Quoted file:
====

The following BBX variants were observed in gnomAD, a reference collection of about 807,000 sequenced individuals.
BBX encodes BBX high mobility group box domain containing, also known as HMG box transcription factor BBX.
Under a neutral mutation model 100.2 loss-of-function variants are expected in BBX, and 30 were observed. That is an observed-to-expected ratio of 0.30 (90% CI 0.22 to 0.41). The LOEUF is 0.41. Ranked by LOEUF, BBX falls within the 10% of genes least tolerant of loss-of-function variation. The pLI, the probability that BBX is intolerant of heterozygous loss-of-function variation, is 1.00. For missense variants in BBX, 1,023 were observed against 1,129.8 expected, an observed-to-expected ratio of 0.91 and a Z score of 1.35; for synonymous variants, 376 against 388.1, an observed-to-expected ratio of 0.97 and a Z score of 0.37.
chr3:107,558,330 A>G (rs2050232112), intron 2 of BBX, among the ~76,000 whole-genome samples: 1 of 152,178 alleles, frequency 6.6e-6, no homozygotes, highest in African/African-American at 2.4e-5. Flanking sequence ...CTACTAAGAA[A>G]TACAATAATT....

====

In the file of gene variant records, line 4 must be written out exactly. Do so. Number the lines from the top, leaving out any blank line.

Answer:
chr3:107,558,330 A>G (rs2050232112), intron 2 of BBX, among the ~76,000 whole-genome samples: 1 of 152,178 alleles, frequency 6.6e-6, no homozygotes, highest in African/African-American at 2.4e-5. Flanking sequence ...CTACTAAGAA[A>G]TACAATAATT....